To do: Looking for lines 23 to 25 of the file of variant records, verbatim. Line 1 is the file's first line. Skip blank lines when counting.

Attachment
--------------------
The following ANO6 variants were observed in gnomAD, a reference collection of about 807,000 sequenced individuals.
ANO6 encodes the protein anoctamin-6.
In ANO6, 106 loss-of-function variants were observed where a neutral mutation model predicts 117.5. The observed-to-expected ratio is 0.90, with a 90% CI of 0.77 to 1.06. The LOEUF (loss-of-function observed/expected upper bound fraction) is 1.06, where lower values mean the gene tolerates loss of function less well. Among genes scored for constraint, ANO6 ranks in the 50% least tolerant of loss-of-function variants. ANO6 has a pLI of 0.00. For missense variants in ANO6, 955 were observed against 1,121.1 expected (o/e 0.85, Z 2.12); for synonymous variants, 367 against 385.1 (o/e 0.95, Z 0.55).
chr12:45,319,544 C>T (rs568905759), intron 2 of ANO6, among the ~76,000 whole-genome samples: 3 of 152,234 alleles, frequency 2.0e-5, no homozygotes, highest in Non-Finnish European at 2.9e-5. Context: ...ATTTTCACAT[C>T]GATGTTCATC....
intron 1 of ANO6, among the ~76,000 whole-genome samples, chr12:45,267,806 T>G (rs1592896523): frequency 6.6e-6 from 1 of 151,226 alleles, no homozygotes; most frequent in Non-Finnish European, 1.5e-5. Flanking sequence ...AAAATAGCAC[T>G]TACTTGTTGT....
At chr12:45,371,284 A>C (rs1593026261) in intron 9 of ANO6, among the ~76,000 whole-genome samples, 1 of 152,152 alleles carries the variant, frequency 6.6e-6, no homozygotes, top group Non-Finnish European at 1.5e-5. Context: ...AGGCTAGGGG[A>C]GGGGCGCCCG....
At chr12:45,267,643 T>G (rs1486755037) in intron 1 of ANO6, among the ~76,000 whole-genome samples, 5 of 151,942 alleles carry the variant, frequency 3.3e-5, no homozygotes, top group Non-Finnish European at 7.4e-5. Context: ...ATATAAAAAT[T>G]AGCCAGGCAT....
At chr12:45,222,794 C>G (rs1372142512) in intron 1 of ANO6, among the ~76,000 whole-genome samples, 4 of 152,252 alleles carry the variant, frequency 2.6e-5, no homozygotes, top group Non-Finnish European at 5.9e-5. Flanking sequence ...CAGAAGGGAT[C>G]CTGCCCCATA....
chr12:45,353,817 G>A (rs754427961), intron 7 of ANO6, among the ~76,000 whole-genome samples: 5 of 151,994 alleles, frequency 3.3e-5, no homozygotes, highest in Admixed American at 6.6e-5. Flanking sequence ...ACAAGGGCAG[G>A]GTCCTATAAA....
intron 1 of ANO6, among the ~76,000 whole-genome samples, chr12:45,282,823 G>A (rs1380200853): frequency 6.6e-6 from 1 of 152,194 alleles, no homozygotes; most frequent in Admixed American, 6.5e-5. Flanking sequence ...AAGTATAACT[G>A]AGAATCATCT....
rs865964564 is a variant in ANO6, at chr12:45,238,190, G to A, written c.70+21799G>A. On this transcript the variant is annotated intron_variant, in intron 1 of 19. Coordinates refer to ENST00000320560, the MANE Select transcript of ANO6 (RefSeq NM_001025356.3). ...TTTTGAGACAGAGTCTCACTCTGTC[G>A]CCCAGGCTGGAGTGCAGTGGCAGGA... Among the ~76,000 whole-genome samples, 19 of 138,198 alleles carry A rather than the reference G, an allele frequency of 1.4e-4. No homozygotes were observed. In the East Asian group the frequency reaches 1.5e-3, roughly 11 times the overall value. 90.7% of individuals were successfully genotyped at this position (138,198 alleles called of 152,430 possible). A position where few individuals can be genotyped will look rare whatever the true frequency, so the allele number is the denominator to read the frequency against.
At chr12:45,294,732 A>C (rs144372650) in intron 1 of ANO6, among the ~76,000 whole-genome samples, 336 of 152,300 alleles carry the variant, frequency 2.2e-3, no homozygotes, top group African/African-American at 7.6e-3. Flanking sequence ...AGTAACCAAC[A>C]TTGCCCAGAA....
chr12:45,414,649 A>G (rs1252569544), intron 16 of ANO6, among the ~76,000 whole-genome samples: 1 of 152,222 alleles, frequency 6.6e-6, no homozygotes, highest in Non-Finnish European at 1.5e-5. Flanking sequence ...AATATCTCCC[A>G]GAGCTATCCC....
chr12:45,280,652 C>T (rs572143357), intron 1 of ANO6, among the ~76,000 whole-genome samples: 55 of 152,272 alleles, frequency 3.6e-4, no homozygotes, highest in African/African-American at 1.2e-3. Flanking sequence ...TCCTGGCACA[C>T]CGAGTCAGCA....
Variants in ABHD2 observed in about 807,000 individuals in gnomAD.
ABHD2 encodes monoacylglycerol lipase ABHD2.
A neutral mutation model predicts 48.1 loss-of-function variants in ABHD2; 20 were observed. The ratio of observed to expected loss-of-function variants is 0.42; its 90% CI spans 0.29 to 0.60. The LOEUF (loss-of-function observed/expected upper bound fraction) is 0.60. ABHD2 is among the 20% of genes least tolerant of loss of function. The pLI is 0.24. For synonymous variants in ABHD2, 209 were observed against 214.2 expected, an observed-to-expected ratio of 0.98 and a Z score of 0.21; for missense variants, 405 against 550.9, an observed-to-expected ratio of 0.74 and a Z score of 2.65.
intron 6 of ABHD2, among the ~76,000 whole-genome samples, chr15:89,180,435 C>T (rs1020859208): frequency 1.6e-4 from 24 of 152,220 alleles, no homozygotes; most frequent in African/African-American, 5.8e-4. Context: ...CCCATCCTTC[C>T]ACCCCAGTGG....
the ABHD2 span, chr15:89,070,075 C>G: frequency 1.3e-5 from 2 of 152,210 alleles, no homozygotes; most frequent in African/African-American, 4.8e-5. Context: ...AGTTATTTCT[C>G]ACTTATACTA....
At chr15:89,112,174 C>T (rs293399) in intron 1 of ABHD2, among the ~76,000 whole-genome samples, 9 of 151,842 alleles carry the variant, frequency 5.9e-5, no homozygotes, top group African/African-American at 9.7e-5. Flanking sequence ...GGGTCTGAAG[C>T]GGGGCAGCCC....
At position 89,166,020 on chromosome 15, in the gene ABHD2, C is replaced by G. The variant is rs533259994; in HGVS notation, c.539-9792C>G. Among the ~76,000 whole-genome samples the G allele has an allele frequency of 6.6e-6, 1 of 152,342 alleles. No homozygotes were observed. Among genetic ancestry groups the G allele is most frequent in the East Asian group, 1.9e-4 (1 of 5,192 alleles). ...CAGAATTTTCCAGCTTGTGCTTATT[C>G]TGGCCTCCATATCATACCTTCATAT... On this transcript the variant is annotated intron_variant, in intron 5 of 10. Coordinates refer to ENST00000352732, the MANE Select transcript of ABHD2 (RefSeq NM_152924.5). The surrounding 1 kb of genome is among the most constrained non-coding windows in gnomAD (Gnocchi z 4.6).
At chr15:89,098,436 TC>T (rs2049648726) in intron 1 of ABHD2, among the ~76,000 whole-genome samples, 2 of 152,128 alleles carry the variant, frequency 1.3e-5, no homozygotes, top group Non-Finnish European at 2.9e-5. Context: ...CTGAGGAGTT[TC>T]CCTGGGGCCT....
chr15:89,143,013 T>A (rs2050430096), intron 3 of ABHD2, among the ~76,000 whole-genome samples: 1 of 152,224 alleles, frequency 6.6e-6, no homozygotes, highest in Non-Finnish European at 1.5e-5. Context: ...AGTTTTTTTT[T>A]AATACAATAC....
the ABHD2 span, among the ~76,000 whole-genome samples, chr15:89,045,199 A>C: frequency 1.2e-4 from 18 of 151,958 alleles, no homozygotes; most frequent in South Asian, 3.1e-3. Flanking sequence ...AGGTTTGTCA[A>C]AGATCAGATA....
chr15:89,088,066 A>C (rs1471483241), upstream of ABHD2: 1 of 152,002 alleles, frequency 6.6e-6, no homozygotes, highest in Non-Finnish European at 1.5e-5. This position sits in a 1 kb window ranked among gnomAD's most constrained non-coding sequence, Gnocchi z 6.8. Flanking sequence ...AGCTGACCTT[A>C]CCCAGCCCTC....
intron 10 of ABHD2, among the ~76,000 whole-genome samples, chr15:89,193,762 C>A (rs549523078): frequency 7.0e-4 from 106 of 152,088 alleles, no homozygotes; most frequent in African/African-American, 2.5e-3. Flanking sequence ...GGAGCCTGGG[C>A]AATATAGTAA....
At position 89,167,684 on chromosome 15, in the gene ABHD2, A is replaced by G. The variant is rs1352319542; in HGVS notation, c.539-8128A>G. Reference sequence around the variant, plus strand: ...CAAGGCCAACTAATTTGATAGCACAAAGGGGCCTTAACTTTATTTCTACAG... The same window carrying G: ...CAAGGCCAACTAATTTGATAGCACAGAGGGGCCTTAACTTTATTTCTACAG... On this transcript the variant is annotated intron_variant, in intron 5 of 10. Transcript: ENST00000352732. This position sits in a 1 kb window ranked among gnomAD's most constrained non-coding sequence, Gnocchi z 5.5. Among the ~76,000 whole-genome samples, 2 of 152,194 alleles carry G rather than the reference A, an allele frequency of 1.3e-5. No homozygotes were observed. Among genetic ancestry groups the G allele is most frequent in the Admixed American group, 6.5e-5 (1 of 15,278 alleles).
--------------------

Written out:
chr15:89,143,013 T>A (rs2050430096), intron 3 of ABHD2, among the ~76,000 whole-genome samples: 1 of 152,224 alleles, frequency 6.6e-6, no homozygotes, highest in Non-Finnish European at 1.5e-5. Context: ...AGTTTTTTTT[T>A]AATACAATAC....
the ABHD2 span, among the ~76,000 whole-genome samples, chr15:89,045,199 A>C: frequency 1.2e-4 from 18 of 151,958 alleles, no homozygotes; most frequent in South Asian, 3.1e-3. Flanking sequence ...AGGTTTGTCA[A>C]AGATCAGATA....
chr15:89,088,066 A>C (rs1471483241), upstream of ABHD2: 1 of 152,002 alleles, frequency 6.6e-6, no homozygotes, highest in Non-Finnish European at 1.5e-5. This position sits in a 1 kb window ranked among gnomAD's most constrained non-coding sequence, Gnocchi z 6.8. Flanking sequence ...AGCTGACCTT[A>C]CCCAGCCCTC....